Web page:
The following blog was initially printed in Bruce Ballard’s internet site: We are appreciative of Bruce’s generosity in offering it to be reprinted here.

Bruce Ballard
October 23, 2018

Comparison of Essential Tremor vs. Parkinson’s Disease: Social Phobia & Depression

Conclusion first: According to the research cited below, medical practitioners, as well as the rest of us, should view essential tremor (ET) and Parkinson’s disease (PD) not merely as neurological conditions but as neuropsychiatric ones. I suppose many of us already do this in practice, but for the first few years after I was diagnosed with PD I believed, and told everyone, that I had a neurological disease (or I went with the term “movement disorder”). This was true even when I recognized and discussed with my doctor that I was experiencing a lot of anxiety. I viewed anxiety as ancillary, a side show, and not part of the main attraction.
A recent research report from Latvia (“Depression and social phobia in essential tremor and Parkinson’s disease”) arrived at this conclusion, after the researchers compared 40 patients with essential tremor to 39 patients with Parkinson’s disease, and both groups to 35 healthy controls. All participants received neurological evaluations; completed a battery of written tests that looked at depression, social anxiety, and social phobia; and were clinically interviewed.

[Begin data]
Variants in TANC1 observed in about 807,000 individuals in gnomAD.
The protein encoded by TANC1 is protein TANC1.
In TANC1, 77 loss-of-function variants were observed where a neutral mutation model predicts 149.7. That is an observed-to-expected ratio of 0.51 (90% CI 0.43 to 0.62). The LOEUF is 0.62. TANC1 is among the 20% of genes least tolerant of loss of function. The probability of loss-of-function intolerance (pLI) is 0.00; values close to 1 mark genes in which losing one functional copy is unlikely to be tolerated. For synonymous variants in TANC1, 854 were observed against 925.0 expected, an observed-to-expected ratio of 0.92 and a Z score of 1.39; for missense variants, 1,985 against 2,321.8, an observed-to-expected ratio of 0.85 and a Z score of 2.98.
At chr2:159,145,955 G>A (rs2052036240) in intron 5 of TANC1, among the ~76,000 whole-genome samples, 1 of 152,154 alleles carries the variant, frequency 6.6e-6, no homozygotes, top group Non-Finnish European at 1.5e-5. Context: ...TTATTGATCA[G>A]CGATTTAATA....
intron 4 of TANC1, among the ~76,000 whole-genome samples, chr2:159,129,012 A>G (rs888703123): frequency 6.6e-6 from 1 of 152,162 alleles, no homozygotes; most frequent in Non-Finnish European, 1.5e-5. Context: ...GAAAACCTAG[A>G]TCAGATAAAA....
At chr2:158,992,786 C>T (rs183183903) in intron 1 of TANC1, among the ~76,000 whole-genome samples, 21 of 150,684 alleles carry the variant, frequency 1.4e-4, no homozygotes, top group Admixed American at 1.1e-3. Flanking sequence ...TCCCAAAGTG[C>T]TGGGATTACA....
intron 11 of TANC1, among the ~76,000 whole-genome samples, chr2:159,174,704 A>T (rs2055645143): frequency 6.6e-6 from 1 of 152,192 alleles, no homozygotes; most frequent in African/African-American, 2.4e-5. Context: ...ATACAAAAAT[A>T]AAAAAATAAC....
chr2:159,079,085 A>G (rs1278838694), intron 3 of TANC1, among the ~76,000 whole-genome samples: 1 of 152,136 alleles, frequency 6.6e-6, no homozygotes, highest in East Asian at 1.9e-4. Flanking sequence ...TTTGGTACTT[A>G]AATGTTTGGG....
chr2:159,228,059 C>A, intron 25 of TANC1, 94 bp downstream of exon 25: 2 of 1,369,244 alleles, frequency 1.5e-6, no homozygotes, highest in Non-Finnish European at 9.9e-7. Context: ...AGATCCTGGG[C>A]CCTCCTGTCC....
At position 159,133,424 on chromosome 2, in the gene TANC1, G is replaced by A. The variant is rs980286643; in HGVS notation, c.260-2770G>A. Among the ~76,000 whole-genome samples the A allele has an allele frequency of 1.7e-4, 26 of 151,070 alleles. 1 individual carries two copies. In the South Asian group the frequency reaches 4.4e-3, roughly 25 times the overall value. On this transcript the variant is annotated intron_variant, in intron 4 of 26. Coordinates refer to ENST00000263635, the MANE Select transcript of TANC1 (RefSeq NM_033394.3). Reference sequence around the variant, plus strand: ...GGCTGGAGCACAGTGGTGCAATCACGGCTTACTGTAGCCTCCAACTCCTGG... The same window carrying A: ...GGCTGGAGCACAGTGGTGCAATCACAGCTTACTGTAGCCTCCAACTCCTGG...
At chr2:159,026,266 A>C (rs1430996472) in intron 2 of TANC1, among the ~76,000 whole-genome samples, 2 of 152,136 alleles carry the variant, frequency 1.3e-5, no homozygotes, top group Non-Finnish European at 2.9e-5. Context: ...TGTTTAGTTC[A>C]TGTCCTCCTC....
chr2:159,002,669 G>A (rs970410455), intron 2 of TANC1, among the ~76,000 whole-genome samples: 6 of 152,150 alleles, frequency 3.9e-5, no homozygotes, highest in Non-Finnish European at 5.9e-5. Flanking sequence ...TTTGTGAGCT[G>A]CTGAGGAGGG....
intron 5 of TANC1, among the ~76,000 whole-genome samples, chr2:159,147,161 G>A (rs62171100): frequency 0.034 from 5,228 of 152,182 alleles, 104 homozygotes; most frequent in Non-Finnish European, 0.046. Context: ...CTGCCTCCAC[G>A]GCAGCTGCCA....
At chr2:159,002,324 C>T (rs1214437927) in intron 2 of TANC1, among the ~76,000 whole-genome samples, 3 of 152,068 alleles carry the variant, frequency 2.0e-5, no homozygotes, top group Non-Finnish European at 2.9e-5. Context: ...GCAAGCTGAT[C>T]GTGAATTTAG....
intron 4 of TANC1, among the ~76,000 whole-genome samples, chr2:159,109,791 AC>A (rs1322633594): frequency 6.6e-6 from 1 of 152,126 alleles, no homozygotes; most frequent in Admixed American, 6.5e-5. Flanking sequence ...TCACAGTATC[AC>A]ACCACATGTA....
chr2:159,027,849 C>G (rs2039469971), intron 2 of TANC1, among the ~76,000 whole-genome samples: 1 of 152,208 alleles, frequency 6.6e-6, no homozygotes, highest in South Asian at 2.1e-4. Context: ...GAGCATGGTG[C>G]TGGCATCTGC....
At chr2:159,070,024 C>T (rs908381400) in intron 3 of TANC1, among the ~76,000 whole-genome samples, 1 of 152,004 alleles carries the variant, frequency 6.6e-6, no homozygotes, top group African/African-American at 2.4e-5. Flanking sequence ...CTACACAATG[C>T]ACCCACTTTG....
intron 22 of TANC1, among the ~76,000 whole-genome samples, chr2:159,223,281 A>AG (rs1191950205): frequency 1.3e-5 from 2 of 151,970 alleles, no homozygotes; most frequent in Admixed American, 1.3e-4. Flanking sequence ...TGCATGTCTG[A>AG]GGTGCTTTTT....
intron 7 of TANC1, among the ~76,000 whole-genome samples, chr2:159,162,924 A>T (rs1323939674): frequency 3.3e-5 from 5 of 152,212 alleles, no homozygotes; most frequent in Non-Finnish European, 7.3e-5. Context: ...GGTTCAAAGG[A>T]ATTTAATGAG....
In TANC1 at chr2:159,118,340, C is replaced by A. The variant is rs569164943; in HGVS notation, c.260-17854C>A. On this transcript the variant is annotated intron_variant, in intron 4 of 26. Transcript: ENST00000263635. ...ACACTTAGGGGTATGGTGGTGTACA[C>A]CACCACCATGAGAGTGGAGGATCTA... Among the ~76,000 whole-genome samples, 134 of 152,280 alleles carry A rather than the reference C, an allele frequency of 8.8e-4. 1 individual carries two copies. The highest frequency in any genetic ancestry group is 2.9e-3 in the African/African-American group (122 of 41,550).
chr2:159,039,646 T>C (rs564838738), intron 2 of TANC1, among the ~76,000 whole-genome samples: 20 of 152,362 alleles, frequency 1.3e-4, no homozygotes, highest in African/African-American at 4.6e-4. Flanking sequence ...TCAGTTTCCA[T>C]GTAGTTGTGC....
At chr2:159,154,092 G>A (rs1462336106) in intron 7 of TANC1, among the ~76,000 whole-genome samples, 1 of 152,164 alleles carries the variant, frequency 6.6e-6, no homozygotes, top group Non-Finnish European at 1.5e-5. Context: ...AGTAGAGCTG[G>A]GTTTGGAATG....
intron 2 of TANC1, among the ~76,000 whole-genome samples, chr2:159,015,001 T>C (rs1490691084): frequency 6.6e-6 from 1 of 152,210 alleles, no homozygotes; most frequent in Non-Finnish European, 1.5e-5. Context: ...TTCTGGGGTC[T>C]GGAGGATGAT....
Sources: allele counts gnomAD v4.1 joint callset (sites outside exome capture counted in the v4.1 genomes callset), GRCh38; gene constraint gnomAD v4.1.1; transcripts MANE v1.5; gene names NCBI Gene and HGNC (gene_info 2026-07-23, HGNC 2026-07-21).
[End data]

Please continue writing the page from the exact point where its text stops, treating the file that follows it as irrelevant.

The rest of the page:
While individuals in all three groups displayed social anxiety and depression to some degree, these are some of the standout results:
Essential Tremor (ET)
• ET patients were far more worried about what to say in social situations than people in the other two groups.
• ET patients were more nervous if they had to speak with someone in authority.
• In terms of depression, ET patients were most critical of themselves, and registered the greatest loss of interest in sex.
Parkinson’s Disease (PD)
• PD patients felt more anxiety than people in the other two groups when they had to interact socially with others.
• PD patients also felt the most anxious when they had to speak about themselves.
• In terms of depression, PD patients exhibited, more than the other groups, a loss of energy, feelings of fatigue, and sleep disturbances.
Both Groups (ET + PD)
• Carrying a tray of food across a crowded cafeteria invoked anxiety for both groups.
• Both groups agreed with the statement, “I worry about shaking or trembling when I’m watched by other people.”
• About 60% of both groups were diagnosed with minimal or mild depression, and about 16% were severely depressed.
All Three Groups (ET + PD + Controls)
• Based on the clinical interviews and the written questionnaires, people in all three groups were diagnosed with social phobia, although at different rates: 50% for the ET crowd, 43% of the PD folks, and 20% of the control group.
Authors’ Conclusion
Medical practitioners should treat ET and PD not merely as a neurological condition but as a neuropsychiatric one.
What’s my take on this? I think it makes sense. It’s bizarre that PD is labeled a “movement disorder,” because it makes you think just about the external symptoms: the trembling hand, the limp, the micrographia, the festinating gait, the restless legs at night. That’s just half the story! PD messes up not just your brain (inhibiting dopamine production in the substantia nigra), it messes up your mind, too (feelings of anxiety and depression; cognitive decline).
Which leads to a rich question I can ask my neurologist at my next appointment (and/or research on my own): how does she view the difference between the brain and the mind? What’s the difference as well as the connections between the two?
If anyone reading this can offer some insight into this mind/brain issue, please comment below. Bruce Ballard